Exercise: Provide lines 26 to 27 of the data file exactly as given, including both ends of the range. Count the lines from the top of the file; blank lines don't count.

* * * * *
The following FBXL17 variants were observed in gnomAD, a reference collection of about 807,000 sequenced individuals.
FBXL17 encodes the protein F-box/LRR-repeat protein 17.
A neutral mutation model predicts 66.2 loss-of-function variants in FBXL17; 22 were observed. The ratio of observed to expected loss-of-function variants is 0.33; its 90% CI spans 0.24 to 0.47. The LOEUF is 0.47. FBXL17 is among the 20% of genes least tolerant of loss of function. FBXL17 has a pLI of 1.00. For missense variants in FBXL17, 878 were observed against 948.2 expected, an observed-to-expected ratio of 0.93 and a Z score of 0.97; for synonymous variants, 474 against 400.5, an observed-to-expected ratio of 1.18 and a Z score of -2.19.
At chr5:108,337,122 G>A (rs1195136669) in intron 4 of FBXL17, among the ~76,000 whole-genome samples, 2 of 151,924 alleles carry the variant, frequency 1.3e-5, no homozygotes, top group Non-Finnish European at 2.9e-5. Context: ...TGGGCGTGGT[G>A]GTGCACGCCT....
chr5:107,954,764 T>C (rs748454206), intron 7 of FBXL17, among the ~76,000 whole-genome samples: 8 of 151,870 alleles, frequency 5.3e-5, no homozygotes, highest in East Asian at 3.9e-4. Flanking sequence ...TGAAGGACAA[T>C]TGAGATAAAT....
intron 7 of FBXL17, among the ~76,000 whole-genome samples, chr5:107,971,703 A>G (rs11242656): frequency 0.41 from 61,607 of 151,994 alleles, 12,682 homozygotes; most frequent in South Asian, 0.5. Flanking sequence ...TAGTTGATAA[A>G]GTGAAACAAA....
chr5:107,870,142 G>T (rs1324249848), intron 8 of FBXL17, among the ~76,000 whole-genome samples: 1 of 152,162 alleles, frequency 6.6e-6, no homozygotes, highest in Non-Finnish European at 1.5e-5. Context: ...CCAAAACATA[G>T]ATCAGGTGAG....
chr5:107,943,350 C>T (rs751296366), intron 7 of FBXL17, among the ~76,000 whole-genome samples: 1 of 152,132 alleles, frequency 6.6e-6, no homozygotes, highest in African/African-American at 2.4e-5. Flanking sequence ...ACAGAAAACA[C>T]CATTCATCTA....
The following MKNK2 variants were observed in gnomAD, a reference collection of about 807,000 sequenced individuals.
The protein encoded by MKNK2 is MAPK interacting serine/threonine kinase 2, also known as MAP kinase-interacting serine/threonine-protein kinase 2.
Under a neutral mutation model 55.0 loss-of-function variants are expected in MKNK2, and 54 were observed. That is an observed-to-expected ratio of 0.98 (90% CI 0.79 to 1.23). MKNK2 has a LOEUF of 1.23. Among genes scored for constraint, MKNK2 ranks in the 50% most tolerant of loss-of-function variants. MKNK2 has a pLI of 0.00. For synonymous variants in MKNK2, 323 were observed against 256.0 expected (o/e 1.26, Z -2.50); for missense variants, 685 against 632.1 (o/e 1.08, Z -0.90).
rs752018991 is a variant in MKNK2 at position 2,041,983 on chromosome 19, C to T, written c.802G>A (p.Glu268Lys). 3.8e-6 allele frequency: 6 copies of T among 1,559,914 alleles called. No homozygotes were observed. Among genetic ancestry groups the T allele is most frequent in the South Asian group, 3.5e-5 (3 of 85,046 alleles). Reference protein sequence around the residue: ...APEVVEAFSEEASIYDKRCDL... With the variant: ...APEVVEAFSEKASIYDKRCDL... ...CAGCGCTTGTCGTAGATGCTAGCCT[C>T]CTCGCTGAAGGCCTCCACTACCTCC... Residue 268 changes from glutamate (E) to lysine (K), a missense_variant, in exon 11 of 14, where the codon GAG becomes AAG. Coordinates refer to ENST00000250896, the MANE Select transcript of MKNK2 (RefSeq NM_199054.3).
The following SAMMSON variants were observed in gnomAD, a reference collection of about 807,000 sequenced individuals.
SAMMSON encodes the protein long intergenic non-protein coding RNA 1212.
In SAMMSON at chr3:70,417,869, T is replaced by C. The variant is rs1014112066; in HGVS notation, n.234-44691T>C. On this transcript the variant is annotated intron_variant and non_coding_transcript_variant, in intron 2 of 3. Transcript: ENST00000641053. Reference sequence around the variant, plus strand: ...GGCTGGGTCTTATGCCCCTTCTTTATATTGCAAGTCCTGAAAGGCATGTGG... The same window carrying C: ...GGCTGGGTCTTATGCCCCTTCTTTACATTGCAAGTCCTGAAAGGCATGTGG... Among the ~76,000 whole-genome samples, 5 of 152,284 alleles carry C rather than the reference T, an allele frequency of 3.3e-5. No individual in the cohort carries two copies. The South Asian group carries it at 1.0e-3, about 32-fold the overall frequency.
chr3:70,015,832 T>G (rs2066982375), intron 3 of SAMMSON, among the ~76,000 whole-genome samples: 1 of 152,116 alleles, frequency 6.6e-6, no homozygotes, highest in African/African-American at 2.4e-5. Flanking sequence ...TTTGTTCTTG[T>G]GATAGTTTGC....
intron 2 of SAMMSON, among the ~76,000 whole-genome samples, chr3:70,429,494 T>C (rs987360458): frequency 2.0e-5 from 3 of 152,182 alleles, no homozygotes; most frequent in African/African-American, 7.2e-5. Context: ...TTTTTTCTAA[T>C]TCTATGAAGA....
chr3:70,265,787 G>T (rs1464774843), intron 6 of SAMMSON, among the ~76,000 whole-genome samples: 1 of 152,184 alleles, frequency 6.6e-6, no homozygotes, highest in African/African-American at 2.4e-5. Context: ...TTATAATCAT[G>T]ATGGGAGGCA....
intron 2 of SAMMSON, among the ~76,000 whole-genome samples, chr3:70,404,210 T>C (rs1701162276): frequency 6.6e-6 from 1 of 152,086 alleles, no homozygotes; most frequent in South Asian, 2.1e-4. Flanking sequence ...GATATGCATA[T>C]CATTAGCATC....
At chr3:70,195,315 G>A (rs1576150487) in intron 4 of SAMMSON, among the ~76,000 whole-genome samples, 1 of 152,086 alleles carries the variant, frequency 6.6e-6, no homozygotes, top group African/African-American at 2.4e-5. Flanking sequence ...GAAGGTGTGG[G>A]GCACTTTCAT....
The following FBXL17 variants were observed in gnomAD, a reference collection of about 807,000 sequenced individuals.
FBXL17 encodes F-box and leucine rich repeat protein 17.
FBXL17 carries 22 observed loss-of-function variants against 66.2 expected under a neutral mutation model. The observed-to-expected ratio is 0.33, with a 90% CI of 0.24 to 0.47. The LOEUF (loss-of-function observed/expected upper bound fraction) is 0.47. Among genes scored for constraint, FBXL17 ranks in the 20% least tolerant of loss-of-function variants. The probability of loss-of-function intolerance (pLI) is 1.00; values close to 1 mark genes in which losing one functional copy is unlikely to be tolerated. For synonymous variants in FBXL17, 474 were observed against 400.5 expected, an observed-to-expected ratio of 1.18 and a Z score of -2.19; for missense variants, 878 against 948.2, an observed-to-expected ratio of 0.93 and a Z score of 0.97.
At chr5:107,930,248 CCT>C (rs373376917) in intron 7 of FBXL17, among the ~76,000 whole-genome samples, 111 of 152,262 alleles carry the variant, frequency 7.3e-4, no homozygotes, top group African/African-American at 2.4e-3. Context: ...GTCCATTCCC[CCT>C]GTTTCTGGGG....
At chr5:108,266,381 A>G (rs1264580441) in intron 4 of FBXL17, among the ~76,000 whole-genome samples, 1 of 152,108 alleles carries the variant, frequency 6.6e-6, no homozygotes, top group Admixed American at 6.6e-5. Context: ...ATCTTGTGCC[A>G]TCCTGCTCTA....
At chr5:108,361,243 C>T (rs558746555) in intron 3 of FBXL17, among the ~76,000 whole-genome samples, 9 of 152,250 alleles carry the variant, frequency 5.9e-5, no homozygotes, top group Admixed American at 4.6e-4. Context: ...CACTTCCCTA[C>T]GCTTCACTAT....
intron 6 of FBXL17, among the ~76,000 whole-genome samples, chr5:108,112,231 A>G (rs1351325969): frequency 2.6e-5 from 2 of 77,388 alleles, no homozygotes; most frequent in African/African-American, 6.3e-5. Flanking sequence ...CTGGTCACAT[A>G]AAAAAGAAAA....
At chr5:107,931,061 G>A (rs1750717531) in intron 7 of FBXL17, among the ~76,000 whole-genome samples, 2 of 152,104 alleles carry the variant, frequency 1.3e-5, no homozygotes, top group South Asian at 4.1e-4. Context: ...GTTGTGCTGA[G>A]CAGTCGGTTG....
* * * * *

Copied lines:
At chr5:108,361,243 C>T (rs558746555) in intron 3 of FBXL17, among the ~76,000 whole-genome samples, 9 of 152,250 alleles carry the variant, frequency 5.9e-5, no homozygotes, top group Admixed American at 4.6e-4. Context: ...CACTTCCCTA[C>T]GCTTCACTAT....
intron 6 of FBXL17, among the ~76,000 whole-genome samples, chr5:108,112,231 A>G (rs1351325969): frequency 2.6e-5 from 2 of 77,388 alleles, no homozygotes; most frequent in African/African-American, 6.3e-5. Flanking sequence ...CTGGTCACAT[A>G]AAAAAGAAAA....